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As the late Steve Jobs would say, don’t listen to your customers, they don’t know what they want. Usability studies and live user analysis provide valuable feedback about your product or web site in terms of how the tool is used, but listening to the users about what they want out of the tool can result in a “whack-a-mole” scenario where you solve a problem for one user, but create new problems for other users. Analyzing usage data can provide a very different perspective on how live users actually use the tool and allow you to identify different personas and use cases. This talk will share how Serials Solutions collects and analyzes a dataset of queries and clicks generated by millions of users at hundreds of libraries around the world to find behaviors, patterns, successes and failures in the interface design and search algorithms and then how we leverage that to improve and redesign. We will share the details of our custom developed data warehouse system and how we leverage these tools to perform our analysis. We will also share with you before-and-afters that were developed based on the results of the ongoing analysis.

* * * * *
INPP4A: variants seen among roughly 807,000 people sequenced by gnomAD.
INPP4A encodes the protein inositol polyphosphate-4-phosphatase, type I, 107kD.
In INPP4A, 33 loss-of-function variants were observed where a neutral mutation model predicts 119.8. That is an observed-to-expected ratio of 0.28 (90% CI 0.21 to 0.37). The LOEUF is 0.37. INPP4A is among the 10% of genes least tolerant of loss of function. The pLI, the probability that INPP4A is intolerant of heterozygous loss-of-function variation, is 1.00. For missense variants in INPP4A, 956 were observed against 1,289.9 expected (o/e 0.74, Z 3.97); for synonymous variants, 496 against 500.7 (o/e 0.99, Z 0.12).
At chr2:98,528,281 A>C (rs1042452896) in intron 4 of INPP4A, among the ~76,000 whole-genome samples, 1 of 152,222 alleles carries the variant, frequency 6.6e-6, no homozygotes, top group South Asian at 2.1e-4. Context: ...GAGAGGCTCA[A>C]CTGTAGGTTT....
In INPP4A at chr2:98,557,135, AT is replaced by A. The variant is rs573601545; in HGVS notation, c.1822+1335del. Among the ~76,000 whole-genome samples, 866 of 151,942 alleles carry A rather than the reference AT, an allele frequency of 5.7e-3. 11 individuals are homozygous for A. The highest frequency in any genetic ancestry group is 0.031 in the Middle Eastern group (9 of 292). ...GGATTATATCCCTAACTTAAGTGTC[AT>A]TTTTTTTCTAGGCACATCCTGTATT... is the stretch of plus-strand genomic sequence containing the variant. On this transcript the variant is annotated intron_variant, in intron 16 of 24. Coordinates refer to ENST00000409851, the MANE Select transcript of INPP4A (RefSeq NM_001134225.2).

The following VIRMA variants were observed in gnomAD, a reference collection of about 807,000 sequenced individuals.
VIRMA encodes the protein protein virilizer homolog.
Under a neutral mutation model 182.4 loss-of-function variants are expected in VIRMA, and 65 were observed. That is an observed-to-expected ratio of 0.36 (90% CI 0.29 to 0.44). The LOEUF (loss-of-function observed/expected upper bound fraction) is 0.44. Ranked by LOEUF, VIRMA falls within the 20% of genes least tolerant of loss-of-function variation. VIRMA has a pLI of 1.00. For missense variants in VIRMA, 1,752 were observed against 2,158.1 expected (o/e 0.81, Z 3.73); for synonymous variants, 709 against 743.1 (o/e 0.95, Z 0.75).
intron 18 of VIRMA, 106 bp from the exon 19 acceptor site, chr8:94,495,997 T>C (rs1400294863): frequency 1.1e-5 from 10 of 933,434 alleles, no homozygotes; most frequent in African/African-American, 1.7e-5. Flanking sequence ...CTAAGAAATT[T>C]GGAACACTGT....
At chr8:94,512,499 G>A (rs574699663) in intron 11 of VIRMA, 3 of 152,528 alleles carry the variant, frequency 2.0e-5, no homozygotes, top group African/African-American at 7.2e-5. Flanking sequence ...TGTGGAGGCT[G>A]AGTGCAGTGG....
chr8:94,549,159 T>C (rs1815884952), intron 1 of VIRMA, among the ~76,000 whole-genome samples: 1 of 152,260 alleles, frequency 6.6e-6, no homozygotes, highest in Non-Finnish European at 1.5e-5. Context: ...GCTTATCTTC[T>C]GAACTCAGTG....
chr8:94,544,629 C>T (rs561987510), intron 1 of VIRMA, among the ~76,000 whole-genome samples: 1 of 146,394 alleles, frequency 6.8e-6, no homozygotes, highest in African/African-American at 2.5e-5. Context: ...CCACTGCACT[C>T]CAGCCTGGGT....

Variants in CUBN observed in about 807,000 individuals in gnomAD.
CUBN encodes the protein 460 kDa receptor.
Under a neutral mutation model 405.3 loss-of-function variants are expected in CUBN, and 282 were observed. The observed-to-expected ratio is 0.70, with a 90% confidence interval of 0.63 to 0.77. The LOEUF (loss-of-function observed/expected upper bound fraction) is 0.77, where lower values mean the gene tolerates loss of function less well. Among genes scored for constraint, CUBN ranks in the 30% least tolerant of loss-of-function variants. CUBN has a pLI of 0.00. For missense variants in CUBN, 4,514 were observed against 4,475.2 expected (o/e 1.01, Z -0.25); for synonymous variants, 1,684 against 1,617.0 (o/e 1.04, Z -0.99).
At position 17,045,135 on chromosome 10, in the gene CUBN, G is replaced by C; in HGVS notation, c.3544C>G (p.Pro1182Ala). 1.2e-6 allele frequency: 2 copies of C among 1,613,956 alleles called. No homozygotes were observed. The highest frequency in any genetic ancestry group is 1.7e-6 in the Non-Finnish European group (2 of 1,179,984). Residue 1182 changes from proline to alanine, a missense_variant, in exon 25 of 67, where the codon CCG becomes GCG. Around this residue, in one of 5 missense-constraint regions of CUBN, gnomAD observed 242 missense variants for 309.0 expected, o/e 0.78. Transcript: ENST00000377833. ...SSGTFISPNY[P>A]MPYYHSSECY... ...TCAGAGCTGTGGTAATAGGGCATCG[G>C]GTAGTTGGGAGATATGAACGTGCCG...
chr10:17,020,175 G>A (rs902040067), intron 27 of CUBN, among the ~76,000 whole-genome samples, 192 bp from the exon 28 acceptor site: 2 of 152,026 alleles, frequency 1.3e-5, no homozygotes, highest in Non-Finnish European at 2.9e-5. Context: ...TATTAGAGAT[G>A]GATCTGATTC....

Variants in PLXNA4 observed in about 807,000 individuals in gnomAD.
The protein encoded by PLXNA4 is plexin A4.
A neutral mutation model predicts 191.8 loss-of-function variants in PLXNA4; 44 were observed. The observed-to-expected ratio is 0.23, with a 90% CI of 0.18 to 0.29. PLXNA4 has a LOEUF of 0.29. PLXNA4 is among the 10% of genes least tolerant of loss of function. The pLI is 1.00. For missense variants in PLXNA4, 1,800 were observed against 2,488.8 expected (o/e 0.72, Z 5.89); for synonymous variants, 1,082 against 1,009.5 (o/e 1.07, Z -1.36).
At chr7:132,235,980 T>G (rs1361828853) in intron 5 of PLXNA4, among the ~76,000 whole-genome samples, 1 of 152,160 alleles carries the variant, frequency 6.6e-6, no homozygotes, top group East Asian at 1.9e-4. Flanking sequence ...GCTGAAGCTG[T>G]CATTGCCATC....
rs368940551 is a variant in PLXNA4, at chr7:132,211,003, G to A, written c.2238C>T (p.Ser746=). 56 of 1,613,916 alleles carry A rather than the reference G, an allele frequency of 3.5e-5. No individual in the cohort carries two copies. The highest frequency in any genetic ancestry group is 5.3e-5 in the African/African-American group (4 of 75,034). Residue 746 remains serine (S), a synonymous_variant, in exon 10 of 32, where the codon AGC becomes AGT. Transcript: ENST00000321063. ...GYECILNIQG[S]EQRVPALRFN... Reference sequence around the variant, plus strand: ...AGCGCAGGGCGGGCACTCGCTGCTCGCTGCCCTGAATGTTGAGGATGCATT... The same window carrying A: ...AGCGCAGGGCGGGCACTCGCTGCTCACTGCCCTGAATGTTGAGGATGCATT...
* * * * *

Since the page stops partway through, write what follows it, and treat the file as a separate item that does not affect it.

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  • Despite the positive impact that Summon is having, we know that libraries continue to face challenges. This statement from Project Information Literacy highlights the real challenge that library’s are facing. And, that’s the fact that users’ expectations have evolved – and are ever-changing – so how can libraries possibly keep up?
  • Technology changes rapidly, so it’s no wonder that libraries can’t keep pace. As technology changes so do user expectations. Four years is an eternity in technology terms. Think for a moment that the iPad was not even invented when we introduced Summon and what a profound impact it has had on how users seek and interact with information.
  • And take a look at what Google has done lately. For better or worse, Google sets the bar for what users think of as discovery. This quote comes from Google’s lead interface designer who explains that Google has changed more in the last 2 years than in the previous decade. Why that matters is because if Google makes a change, your users’ expectations change right along with it. Their expectations can change almost overnight.